Fakes and funding

Hannah ThompsonYouGovLabs and UK Public Opinion Website Editor
January 06, 2011, 10:00 PM GMT+0

Nearly two fifths of British adults admit to having bought counterfeit goods, but the overwhelming majority (87%) would think again about a purchase if they knew that it could help fund organised crime such as human trafficking, drug dealing and terrorism, a survey for the charity Crimestoppers has revealed.

  • 24% have knowingly bought a fake DVD
  • 22% have bought a fake item of branded clothing
  • 30% say they have bought a product which they believed to be genuine but later found out to be counterfeit.

However, when asked hypothetically if they would still buy a product knowing it was fake and thus might fund crimes such as human trafficking, drugs gangs and terrorism:

  • 56% said they would definitely not buy the product
  • 31% would reconsider then probably not buy it
  • Just 8% said they would buy it anyway.

Of those who said they would still purchase the product:

  • 41% said that they felt that connecting counterfeit goods with organised crime was just ‘scaremongering’
  • 25% felt that ‘they were just buying a product’ and weren’t responsible for any serious organised crime

A victimless crime?

Crimestoppers, a charity that allows members of the public to anonymously report crime, recently launched a nationwide campaign, with the support of the Home Office and the Serious Organised Crime Agency (SOCA) among others, to crack down on the sale and purchase of counterfeit products in an attempt to curb the funding of illegal activity. The campaign is divided into separate strands covering fake DVDs, fake money, fake tobacco, fake fashion and the harm they can cause.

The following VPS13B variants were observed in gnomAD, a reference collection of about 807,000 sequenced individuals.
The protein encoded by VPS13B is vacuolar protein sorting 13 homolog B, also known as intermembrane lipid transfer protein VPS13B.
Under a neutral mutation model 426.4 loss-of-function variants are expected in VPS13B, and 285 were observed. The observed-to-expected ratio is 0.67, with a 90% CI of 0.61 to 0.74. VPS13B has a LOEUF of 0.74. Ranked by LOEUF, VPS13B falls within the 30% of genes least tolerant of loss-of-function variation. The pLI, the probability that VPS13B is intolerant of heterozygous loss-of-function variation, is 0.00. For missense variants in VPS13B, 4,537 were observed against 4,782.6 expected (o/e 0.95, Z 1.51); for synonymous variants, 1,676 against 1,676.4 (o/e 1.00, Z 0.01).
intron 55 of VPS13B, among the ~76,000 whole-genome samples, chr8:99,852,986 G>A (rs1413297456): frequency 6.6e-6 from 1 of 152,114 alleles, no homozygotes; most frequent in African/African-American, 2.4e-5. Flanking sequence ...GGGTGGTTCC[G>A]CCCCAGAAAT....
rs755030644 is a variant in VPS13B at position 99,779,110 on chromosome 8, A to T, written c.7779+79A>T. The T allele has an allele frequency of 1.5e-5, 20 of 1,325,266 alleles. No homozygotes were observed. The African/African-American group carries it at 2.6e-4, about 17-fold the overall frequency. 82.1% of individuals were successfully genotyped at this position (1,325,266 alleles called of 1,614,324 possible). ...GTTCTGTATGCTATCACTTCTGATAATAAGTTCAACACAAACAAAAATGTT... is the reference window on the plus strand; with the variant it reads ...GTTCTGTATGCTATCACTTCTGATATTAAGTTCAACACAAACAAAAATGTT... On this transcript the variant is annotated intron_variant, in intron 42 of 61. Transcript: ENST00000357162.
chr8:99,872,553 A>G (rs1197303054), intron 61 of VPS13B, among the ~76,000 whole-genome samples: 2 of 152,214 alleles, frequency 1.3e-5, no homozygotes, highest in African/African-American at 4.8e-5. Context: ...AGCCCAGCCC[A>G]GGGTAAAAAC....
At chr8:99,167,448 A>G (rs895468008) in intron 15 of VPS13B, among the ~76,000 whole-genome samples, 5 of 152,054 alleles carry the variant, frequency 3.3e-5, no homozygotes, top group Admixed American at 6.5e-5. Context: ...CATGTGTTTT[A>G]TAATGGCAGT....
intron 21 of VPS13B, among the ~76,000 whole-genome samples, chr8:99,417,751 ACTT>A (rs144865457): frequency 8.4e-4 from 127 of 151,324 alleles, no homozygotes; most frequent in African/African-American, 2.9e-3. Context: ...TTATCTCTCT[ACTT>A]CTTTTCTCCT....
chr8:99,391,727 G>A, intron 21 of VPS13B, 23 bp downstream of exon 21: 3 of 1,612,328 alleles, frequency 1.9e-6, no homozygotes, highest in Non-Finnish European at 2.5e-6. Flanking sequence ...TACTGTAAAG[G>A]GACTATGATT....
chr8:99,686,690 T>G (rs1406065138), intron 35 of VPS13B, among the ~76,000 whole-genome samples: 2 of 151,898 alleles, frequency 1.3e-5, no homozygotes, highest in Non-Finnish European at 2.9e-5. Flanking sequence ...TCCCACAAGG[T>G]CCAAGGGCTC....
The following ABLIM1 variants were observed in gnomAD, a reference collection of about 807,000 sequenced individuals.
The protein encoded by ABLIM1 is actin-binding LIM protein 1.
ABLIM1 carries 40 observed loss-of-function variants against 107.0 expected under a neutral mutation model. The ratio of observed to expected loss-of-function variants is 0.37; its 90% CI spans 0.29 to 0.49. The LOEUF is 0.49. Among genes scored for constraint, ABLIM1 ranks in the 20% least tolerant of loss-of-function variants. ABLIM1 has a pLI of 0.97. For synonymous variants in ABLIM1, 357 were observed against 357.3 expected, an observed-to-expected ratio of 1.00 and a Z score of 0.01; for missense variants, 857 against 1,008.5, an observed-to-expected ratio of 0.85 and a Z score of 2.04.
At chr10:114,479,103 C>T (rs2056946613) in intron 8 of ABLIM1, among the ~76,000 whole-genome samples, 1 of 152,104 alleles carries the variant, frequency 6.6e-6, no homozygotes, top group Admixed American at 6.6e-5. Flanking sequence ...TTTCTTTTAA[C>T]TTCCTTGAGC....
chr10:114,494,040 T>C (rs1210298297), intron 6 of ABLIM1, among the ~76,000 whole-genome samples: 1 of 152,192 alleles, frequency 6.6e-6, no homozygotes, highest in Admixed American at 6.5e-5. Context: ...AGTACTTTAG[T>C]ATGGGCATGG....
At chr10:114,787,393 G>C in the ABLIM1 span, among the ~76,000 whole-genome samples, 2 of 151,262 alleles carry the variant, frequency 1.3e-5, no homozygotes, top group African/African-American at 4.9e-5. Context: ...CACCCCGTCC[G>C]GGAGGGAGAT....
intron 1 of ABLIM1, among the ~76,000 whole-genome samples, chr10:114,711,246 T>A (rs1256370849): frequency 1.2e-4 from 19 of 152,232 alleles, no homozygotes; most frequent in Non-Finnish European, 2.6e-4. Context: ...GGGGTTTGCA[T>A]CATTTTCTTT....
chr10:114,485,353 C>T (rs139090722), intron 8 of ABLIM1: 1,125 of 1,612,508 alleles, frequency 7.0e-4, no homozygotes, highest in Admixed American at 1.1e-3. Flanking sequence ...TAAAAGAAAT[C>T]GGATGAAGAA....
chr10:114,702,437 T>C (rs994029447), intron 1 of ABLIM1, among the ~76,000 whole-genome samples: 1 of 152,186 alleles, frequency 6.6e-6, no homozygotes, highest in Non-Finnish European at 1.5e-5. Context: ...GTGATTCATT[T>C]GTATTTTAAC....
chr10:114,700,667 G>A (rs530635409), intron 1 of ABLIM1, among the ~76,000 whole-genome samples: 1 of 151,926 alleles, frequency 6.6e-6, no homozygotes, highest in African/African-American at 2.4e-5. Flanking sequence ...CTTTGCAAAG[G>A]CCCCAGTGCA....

A UK Border Agency officer inspects a fake Umbro England shirt at East Midlands Airport

In response to the results, Dave Cording, Director of Operations at Crimestoppers, said: ‘Whilst some people may be aware that counterfeited goods fund serious crime, many do not believe this, perhaps because counterfeiting is largely seen as a victimless crime and not as an international, highly organised and extremely profitable crime which impacts on individuals and has links to serious organised crime.’

Mike Barton, Deputy Chief Constable of Durham Constabulary, who heads the ACPO Crimestoppers Working Group, added: “It’s easy to be tempted by the lure of cheap goods…but if something seems too good to be true then it usually is.’

A recent review indicated that criminal gain from counterfeiting in the UK was worth an overall £1.3 billion with £900 million of this accruing to organised crime.

Members of the public can report crime anonymously to Crimestoppers on 0800 555 111


Total sample size was 2,103 British adults. Fieldwork was undertaken between 20th - 23rd August 2010 and was carried out online. The figures have been weighted and are representative of all GB adults (aged 18+).

See the survey details and full results here